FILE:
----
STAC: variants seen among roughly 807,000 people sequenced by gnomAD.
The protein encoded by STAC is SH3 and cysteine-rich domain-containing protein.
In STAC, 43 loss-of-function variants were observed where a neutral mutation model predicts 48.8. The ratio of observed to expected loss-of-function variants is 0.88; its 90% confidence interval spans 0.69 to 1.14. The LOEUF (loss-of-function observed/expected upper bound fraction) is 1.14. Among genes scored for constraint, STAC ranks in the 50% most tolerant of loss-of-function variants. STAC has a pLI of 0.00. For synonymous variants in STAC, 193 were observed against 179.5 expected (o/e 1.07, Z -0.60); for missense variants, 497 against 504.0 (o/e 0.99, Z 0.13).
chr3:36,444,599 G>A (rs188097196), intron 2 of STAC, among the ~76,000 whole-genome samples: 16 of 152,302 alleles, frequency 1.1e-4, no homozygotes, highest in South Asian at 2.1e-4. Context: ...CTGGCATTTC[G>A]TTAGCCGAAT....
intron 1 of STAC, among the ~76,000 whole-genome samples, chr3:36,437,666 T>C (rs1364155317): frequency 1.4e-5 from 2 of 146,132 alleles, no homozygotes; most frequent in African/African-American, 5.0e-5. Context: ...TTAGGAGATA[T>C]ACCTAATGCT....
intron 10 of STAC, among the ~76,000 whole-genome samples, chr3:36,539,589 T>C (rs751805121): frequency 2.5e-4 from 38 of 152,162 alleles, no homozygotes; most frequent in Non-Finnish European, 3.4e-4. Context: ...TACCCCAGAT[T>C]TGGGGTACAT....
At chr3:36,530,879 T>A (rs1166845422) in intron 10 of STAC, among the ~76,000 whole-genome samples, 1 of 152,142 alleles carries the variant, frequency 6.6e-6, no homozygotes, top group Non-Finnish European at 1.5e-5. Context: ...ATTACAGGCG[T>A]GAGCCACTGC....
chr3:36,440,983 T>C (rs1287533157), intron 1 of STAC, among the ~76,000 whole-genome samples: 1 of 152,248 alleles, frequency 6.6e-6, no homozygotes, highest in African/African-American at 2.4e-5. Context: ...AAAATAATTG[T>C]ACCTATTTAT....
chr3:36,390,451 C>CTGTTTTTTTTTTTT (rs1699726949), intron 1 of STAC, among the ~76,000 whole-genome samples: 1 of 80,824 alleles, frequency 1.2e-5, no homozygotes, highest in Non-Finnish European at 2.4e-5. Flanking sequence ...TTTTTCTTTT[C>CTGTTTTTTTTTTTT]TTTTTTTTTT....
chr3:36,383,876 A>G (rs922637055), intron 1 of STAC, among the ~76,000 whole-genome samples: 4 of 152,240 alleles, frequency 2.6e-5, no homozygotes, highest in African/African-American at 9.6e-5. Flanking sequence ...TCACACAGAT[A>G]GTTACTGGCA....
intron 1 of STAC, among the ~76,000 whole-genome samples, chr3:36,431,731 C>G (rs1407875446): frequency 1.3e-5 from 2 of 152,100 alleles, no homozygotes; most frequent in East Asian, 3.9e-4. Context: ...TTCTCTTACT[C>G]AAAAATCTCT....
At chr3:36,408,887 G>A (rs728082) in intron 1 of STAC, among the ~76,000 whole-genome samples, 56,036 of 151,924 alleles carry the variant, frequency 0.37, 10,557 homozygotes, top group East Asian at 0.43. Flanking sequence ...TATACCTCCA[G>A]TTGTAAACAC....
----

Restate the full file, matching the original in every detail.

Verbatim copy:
STAC: variants seen among roughly 807,000 people sequenced by gnomAD.
The protein encoded by STAC is SH3 and cysteine-rich domain-containing protein.
In STAC, 43 loss-of-function variants were observed where a neutral mutation model predicts 48.8. The ratio of observed to expected loss-of-function variants is 0.88; its 90% confidence interval spans 0.69 to 1.14. The LOEUF (loss-of-function observed/expected upper bound fraction) is 1.14. Among genes scored for constraint, STAC ranks in the 50% most tolerant of loss-of-function variants. STAC has a pLI of 0.00. For synonymous variants in STAC, 193 were observed against 179.5 expected (o/e 1.07, Z -0.60); for missense variants, 497 against 504.0 (o/e 0.99, Z 0.13).
chr3:36,444,599 G>A (rs188097196), intron 2 of STAC, among the ~76,000 whole-genome samples: 16 of 152,302 alleles, frequency 1.1e-4, no homozygotes, highest in South Asian at 2.1e-4. Context: ...CTGGCATTTC[G>A]TTAGCCGAAT....
intron 1 of STAC, among the ~76,000 whole-genome samples, chr3:36,437,666 T>C (rs1364155317): frequency 1.4e-5 from 2 of 146,132 alleles, no homozygotes; most frequent in African/African-American, 5.0e-5. Context: ...TTAGGAGATA[T>C]ACCTAATGCT....
intron 10 of STAC, among the ~76,000 whole-genome samples, chr3:36,539,589 T>C (rs751805121): frequency 2.5e-4 from 38 of 152,162 alleles, no homozygotes; most frequent in Non-Finnish European, 3.4e-4. Context: ...TACCCCAGAT[T>C]TGGGGTACAT....
At chr3:36,530,879 T>A (rs1166845422) in intron 10 of STAC, among the ~76,000 whole-genome samples, 1 of 152,142 alleles carries the variant, frequency 6.6e-6, no homozygotes, top group Non-Finnish European at 1.5e-5. Context: ...ATTACAGGCG[T>A]GAGCCACTGC....
chr3:36,440,983 T>C (rs1287533157), intron 1 of STAC, among the ~76,000 whole-genome samples: 1 of 152,248 alleles, frequency 6.6e-6, no homozygotes, highest in African/African-American at 2.4e-5. Context: ...AAAATAATTG[T>C]ACCTATTTAT....
chr3:36,390,451 C>CTGTTTTTTTTTTTT (rs1699726949), intron 1 of STAC, among the ~76,000 whole-genome samples: 1 of 80,824 alleles, frequency 1.2e-5, no homozygotes, highest in Non-Finnish European at 2.4e-5. Flanking sequence ...TTTTTCTTTT[C>CTGTTTTTTTTTTTT]TTTTTTTTTT....
chr3:36,383,876 A>G (rs922637055), intron 1 of STAC, among the ~76,000 whole-genome samples: 4 of 152,240 alleles, frequency 2.6e-5, no homozygotes, highest in African/African-American at 9.6e-5. Flanking sequence ...TCACACAGAT[A>G]GTTACTGGCA....
intron 1 of STAC, among the ~76,000 whole-genome samples, chr3:36,431,731 C>G (rs1407875446): frequency 1.3e-5 from 2 of 152,100 alleles, no homozygotes; most frequent in East Asian, 3.9e-4. Context: ...TTCTCTTACT[C>G]AAAAATCTCT....
At chr3:36,408,887 G>A (rs728082) in intron 1 of STAC, among the ~76,000 whole-genome samples, 56,036 of 151,924 alleles carry the variant, frequency 0.37, 10,557 homozygotes, top group East Asian at 0.43. Flanking sequence ...TATACCTCCA[G>A]TTGTAAACAC....